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The Lady and the Peacock: The Life of Aung San Suu Kyiby Peter Popham
Synopses & Reviews
Nobel Peace Prize Laureate Aung San Suu Kyi—known to the world as an icon for democracy and nonviolent dissent in oppressed Burma, and to her followers as simply “The Lady”—has recently returned to international headlines. Now, this major new biography offers essential reading at a moment when Burma, after decades of stagnation, is once again in flux.
Suu Kyi’s remarkable life begins with that of her father, Aung San. The architect of Burma’s independence, he was assassinated when she was only two. Suu Kyi grew up in India (where her mother served as ambassador), studied at Oxford, and worked for three years at the UN in New York. In 1972, she married Michael Aris, a British scholar. They had two sons, and for several years she lived as a self-described “housewife”—but she never forgot that she was the daughter of Burma’s national hero.
In April 1988, Suu Kyi returned to Burma to nurse her sick mother. Within six months, she was leading the largest popular revolt in the country’s history. She was put under house arrest by the regime, but her party won a landslide victory in the 1990 elections, which the regime refused to recognize. In 1991, still under arrest, she received the Nobel Peace Prize. Altogether, she has spent over fifteen years in detention and narrowly escaped assassination twice.
Peter Popham distills five years of research—including covert trips to Burma, meetings with Suu Kyi and her friends and family, and extracts from the unpublished diaries of her co-campaigner and former confidante Ma Thanegi—into this vivid portrait of Aung San Suu Kyi, illuminating her public successes and private sorrows, her intellect and enduring sense of humor, her commitment to peaceful revolution, and the extreme price she has paid for it.
"Popham (Tokyo: The City at the End of the World) paints a sympathetic and well-rounded portrait of Burmese dissident Aung San Suu Kyi in this timely biography. In 1988, Suu, daughter of Aung San, the man widely regarded as the founder of modern Burma, returned from Britain to her homeland to care for her elderly mother. Over the next six years, Suu — known to her fellow citizens as 'The Lady' — would rise to the fore of the country's largest popular revolution to democratize, receive the Nobel Peace Prize, and finally find herself consigned to house arrest by a military junta, an imprisonment that would last for 15 of the past 20 years. Drawing on secret trips to Burma, meetings with Suu, letters, diaries, interviews, and published materials, Popham tells of Suu's meteoric rise to 'the heart of the Burmese conundrum,' her unwavering quest for democracy, and her unwillingness to abandon her supporters and party, the National League for Democracy (whose flag features a fighting peacock). In addition to recounting Suu's remarkable life story, Popham, a foreign correspondent for The Independent, deftly outlines the political climate of the troubled nation, and shows how this revolutionary woman became a global symbol of democracy, resolve, and freedom. While outlining her honesty, perfectionism, and commitment to nonviolence, Popham deals gently with criticisms of her efforts, conceding that her greatest strength was not her political savvy, but her moral compass. Photos. (Apr. 1)" Publishers Weekly Copyright PWxyz, LLC. All rights reserved.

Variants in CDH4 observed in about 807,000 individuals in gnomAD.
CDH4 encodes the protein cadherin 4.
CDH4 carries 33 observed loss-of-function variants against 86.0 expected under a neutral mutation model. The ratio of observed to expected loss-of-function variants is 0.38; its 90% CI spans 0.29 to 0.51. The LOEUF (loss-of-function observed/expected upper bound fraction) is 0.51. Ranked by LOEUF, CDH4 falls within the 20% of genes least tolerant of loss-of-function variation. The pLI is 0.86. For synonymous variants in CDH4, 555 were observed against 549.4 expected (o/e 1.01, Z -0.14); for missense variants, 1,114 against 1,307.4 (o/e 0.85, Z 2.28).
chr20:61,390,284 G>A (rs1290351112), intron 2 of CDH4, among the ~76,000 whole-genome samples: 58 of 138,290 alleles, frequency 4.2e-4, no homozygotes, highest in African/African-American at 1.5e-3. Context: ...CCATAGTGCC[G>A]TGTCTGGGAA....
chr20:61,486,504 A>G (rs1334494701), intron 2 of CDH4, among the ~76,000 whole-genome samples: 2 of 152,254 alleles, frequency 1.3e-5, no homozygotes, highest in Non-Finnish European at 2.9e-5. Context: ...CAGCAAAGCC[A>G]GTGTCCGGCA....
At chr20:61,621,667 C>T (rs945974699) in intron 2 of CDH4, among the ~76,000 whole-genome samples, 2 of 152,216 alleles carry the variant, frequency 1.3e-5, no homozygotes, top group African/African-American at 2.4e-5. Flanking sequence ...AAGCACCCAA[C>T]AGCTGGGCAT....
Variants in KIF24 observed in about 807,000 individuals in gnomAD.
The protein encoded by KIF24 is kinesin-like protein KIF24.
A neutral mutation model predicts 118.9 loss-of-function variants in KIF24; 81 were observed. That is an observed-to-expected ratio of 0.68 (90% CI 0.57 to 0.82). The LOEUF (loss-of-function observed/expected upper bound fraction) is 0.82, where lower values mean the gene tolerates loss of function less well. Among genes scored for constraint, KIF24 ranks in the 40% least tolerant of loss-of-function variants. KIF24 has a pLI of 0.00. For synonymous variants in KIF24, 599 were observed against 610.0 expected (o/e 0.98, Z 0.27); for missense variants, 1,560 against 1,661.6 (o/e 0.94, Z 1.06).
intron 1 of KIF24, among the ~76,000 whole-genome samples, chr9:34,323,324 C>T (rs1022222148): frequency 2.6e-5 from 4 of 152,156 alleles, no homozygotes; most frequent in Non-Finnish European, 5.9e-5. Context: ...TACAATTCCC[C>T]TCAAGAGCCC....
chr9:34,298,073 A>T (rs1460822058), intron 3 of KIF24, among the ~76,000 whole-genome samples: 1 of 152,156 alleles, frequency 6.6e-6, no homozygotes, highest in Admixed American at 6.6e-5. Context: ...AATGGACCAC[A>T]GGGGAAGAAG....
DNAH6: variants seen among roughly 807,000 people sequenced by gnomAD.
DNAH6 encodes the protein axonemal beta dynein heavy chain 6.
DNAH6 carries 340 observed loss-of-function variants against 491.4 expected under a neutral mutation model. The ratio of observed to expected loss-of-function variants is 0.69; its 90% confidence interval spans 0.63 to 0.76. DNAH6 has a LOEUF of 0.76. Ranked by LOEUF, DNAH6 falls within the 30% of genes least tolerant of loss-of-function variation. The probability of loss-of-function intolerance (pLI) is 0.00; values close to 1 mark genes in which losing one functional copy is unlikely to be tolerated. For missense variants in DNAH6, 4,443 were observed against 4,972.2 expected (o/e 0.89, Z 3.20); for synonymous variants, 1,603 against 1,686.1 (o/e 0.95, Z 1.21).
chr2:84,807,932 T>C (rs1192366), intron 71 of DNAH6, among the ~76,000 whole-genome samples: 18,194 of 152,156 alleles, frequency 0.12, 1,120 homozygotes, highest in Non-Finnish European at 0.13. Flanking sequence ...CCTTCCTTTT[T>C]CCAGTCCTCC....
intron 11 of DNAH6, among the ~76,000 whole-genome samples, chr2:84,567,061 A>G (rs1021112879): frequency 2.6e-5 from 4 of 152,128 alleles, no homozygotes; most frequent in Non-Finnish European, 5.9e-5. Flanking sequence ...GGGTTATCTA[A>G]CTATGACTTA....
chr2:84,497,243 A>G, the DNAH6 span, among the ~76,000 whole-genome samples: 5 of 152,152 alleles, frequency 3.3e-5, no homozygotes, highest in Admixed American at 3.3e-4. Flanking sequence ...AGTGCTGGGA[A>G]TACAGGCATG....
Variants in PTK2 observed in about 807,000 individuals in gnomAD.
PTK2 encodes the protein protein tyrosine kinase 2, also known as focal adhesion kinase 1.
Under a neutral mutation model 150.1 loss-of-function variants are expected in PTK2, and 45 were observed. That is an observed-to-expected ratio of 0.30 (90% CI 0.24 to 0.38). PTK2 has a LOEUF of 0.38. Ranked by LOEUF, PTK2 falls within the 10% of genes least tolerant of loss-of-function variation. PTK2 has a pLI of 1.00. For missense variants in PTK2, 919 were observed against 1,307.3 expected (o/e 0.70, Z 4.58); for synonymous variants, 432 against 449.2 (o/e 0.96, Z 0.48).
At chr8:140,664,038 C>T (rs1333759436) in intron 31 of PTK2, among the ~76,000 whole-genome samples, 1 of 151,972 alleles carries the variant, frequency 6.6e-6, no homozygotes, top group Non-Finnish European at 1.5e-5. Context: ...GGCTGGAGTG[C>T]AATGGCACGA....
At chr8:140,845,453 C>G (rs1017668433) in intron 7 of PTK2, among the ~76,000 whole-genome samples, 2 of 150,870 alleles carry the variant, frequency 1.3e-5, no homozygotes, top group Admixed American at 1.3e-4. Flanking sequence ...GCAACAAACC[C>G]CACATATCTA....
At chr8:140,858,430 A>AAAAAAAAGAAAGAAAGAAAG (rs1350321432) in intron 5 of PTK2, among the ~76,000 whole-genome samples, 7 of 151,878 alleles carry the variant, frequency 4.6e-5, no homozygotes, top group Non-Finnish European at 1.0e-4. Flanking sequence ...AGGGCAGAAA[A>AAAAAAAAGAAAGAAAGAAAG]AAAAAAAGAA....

The Lady and the Peacock charts Nobel Peace Prize winner Aung San Suu Kyi’s transformation to leader of the largest popular revolt in Burmese history, her fifteen years under house arrest, and her continuing work to change her country’s politics and ethics. Along with that, it details not only her courage, intellect, and strong principles, but also her flaws and personal struggles, making this the first biography to give a full picture of Suu Kyi as the human being—albeit the remarkable human being—that she is.
Suu Kyi is a celebrated political hero in a country long plagued by internal struggles, human rights violations, and rigid military regimes maintained by fraudulent elections. Recently released from over 15 years under house arrest, she is now poised on the cusp of political office—standing for a seat in Parliament on April 1st.
In writing this book, longtime foreign correspondent Peter Popham draws on five years of research, including several undercover visits to Burma and two meetings with Suu Kyi herself. He also includes intimate, revealing excerpts from Suu Kyi’s personal assistant’s diary, printed for the first time in The Lady and the Peacock. Today, as Suu Kyi stands on the brink of entering the political mainstream, this book reveals the secrets of her mental strength and her powerful bond with the people of Burma.
About the Author
Peter Popham is a foreign correspondent and feature writer for The Independent who has reported from South Asia, Italy and many other locales around the world. He is also the author of Tokyo: The City at the End of the World. Married with two children, Popham works from both Milan and England.
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